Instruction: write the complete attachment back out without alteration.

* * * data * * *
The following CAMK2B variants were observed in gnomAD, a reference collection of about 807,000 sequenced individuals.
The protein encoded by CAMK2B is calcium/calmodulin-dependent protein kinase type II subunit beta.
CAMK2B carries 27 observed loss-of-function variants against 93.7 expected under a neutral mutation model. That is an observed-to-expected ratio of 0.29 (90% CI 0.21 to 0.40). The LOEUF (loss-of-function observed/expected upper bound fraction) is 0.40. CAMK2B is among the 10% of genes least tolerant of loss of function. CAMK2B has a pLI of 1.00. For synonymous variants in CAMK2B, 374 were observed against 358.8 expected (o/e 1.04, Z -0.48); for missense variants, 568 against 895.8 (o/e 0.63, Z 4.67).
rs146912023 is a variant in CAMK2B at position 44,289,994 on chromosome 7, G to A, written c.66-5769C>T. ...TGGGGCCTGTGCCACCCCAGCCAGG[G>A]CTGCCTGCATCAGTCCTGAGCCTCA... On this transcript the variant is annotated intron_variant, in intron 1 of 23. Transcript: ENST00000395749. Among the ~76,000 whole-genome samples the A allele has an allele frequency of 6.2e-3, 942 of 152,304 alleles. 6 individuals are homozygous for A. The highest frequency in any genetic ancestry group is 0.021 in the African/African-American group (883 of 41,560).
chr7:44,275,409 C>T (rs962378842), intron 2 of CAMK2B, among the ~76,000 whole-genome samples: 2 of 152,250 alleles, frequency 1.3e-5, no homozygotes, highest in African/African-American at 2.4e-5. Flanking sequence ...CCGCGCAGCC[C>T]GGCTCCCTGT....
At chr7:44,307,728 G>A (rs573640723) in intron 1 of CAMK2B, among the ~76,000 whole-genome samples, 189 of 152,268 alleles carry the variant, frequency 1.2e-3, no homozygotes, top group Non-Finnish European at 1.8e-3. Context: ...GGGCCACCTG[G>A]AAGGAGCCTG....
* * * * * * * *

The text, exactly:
The following CAMK2B variants were observed in gnomAD, a reference collection of about 807,000 sequenced individuals.
The protein encoded by CAMK2B is calcium/calmodulin-dependent protein kinase type II subunit beta.
CAMK2B carries 27 observed loss-of-function variants against 93.7 expected under a neutral mutation model. That is an observed-to-expected ratio of 0.29 (90% CI 0.21 to 0.40). The LOEUF (loss-of-function observed/expected upper bound fraction) is 0.40. CAMK2B is among the 10% of genes least tolerant of loss of function. CAMK2B has a pLI of 1.00. For synonymous variants in CAMK2B, 374 were observed against 358.8 expected (o/e 1.04, Z -0.48); for missense variants, 568 against 895.8 (o/e 0.63, Z 4.67).
rs146912023 is a variant in CAMK2B at position 44,289,994 on chromosome 7, G to A, written c.66-5769C>T. ...TGGGGCCTGTGCCACCCCAGCCAGG[G>A]CTGCCTGCATCAGTCCTGAGCCTCA... On this transcript the variant is annotated intron_variant, in intron 1 of 23. Transcript: ENST00000395749. Among the ~76,000 whole-genome samples the A allele has an allele frequency of 6.2e-3, 942 of 152,304 alleles. 6 individuals are homozygous for A. The highest frequency in any genetic ancestry group is 0.021 in the African/African-American group (883 of 41,560).
chr7:44,275,409 C>T (rs962378842), intron 2 of CAMK2B, among the ~76,000 whole-genome samples: 2 of 152,250 alleles, frequency 1.3e-5, no homozygotes, highest in African/African-American at 2.4e-5. Flanking sequence ...CCGCGCAGCC[C>T]GGCTCCCTGT....
At chr7:44,307,728 G>A (rs573640723) in intron 1 of CAMK2B, among the ~76,000 whole-genome samples, 189 of 152,268 alleles carry the variant, frequency 1.2e-3, no homozygotes, top group Non-Finnish European at 1.8e-3. Context: ...GGGCCACCTG[G>A]AAGGAGCCTG....